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Manganese's Link to Early-Life Cognition Explored

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Manganese is both an essential nutrient and a toxic chemical, primarily obtained through diet, water, supplements, and environmental elements. But the level at which manganese shifts from beneficial to harmful to the developing brain remains unclear. Children’s susceptibility to the neurotoxic effects of manganese may vary based on when they are exposed to this metal in their lifetime.

A new study led by School of Public Health researchers explored this timing of manganese exposure among children and found that manganese exposure early in life may be beneficial for verbal learning and memory during adolescence. 

Published in the journal Neurotoxicology and Teratology, the study measured manganese levels through teeth and found that prenatal tooth manganese was linked with fewer memory and learning errors in adolescents, and childhood tooth manganese was linked with better memory recall. Postnatal tooth manganese (from birth to age 1), however, was not associated with adolescent memory.

The study is the first to analyze manganese exposure from the prenatal period through early childhood in relation to verbal learning and memory in later childhood. The findings validate the importance of the timing of manganese exposure in understanding how this metal may affect neurodevelopment and cognition.

“While most associations in our study were null, there was some evidence that manganese is beneficial for verbal learning and memory in adolescence,” says study senior author Birgit Claus Henn, associate professor of environmental health. “In early life, it makes sense that we might need more manganese for growth and healthy development, but as we get older, the need for manganese might change.”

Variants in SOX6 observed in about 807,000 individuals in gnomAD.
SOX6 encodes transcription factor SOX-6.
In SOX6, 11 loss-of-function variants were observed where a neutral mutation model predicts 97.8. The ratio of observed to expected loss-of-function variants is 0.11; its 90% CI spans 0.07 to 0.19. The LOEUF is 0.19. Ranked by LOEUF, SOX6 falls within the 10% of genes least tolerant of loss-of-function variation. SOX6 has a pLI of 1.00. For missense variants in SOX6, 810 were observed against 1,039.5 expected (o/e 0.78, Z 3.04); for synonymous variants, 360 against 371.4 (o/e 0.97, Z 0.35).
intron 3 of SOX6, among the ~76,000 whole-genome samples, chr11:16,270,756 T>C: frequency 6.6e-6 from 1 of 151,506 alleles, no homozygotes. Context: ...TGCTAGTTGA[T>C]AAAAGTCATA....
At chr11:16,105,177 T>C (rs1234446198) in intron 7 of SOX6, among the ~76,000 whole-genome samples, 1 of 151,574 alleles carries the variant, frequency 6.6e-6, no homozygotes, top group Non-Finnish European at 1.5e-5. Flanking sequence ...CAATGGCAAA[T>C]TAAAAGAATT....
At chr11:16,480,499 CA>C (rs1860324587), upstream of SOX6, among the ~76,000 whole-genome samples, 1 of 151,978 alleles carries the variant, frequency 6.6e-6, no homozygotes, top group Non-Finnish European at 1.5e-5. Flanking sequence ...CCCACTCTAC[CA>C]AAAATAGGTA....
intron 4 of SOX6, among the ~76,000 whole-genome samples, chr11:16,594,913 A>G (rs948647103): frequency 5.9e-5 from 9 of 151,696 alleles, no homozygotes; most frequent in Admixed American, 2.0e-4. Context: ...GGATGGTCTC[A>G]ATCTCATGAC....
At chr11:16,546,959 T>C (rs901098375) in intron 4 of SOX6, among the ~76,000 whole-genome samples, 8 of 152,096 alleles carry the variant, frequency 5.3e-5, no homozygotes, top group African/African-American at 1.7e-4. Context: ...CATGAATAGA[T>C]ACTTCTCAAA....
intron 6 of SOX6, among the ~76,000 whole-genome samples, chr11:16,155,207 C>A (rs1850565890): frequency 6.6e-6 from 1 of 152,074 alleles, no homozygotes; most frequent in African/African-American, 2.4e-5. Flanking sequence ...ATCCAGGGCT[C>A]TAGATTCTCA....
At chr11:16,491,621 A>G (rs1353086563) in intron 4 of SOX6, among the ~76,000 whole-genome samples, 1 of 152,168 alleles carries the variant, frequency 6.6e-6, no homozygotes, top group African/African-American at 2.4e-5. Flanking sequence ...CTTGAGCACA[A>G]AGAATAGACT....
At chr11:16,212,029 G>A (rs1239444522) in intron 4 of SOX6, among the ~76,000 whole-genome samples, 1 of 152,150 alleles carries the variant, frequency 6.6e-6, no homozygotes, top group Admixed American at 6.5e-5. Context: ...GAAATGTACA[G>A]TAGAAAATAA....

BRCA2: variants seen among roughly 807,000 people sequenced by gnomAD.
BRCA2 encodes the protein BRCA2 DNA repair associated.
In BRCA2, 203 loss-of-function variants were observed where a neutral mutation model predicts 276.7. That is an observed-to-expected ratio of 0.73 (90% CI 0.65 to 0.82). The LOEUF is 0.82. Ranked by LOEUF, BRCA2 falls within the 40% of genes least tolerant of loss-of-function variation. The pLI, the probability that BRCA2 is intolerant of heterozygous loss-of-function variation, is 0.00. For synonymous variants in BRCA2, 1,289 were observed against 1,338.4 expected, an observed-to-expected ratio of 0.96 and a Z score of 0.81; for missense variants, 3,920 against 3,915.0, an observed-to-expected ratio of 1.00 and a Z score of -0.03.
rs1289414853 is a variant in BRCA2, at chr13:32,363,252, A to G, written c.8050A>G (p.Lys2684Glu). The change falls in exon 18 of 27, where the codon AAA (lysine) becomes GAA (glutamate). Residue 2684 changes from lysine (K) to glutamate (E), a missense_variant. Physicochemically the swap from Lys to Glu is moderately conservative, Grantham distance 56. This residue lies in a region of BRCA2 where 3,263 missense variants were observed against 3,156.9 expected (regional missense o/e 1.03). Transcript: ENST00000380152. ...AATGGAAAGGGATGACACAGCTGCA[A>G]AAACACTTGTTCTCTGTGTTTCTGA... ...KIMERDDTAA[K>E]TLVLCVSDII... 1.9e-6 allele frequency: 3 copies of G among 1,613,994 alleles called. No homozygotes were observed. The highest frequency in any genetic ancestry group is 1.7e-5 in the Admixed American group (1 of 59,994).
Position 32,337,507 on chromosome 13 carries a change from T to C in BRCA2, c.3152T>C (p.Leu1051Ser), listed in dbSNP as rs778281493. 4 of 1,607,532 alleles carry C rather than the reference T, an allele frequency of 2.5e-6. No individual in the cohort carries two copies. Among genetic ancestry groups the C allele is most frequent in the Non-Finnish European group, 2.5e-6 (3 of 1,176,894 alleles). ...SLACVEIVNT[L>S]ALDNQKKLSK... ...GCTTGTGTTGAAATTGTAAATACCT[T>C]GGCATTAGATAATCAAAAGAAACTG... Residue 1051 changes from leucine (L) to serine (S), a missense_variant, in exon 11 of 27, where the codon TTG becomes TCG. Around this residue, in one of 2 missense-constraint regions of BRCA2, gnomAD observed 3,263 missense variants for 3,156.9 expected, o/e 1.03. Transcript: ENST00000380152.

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The study’s lead author is Alexa Friedman, a doctoral student at SPH at the time of the analysis. For the study, Claus Henn, Friedman, and colleagues used data from 2007 to 2014 among 140 Italian adolescents ages 10-14 in the Public Health Impact of Metals Exposure (PHIME) study, a cohort that investigates the health effects of manganese exposure from nearby ferroalloy production. They examined records of the adolescents’ baby teeth from the second trimester through approximately age 6 as a marker of manganese exposure, as well as results from neurobehavioral assessments.

“One of the strengths of this study was the use of naturally shed baby teeth to measure manganese exposure to the fetus, which is otherwise difficult to estimate,” Claus Henn says, adding that in past studies she has utilized biospecimens from the mother or from the baby at birth. “The tooth biomarker allowed us to measure retrospective exposure during multiple exposure periods spanning distinct developmental stages, thus allowing us to evaluate associations in a prospective manner and to establish temporality between exposure to manganese and neurobehavioral outcomes.”

Manganese associations with verbal learning and memory also differed by gender in the results, with stronger beneficial associations among male adolescents for both prenatal and childhood manganese exposure.

One possible explanation for the null associations between postnatal tooth manganese and adolescent memory could be that children in the first year of life may not be as sensitive to manganese-related changes in adolescent cognition as children in the prenatal or childhood exposure periods, the researchers say.

Claus Henn is senior author of another new study, published in the journal Environmental Epidemiology, which examined tooth manganese and attention-related behaviors among Italian adolescents. The study, led by Samantha Schildroth, postdoctoral associate in epidemiology, showed that prenatal manganese was similarly beneficial for adolescent behavior, but postnatal and childhood manganese were not—in fact, postnatal manganese was associated with worse behavior scores.

Future studies should examine these early-life manganese associations among larger study groups, as well as explore how manganese levels in teeth relate to manganese levels in the environment and in our diets, including drinking water, Claus Henn says.

“We know that manganese levels in teeth reflect levels in the environment, but it would be nice to tie those more directly back to levels in water, air, diet, and other sources, so that we can make recommendations about safe and/or optimal levels of exposure—particularly during critical life stages of pregnancy and childhood,” she says. “It would also be useful to look more comprehensively at impacts on the brain, because verbal learning and memory is just one aspect of neurobehavioral functioning.”

Reference: Friedman A, Schildroth S, Bauer JA, et al. Early-life manganese exposure during multiple developmental periods and adolescent verbal learning and memory. Neurotoxicol Teratol. 2023;100:107307. doi: 10.1016/j.ntt.2023.107307

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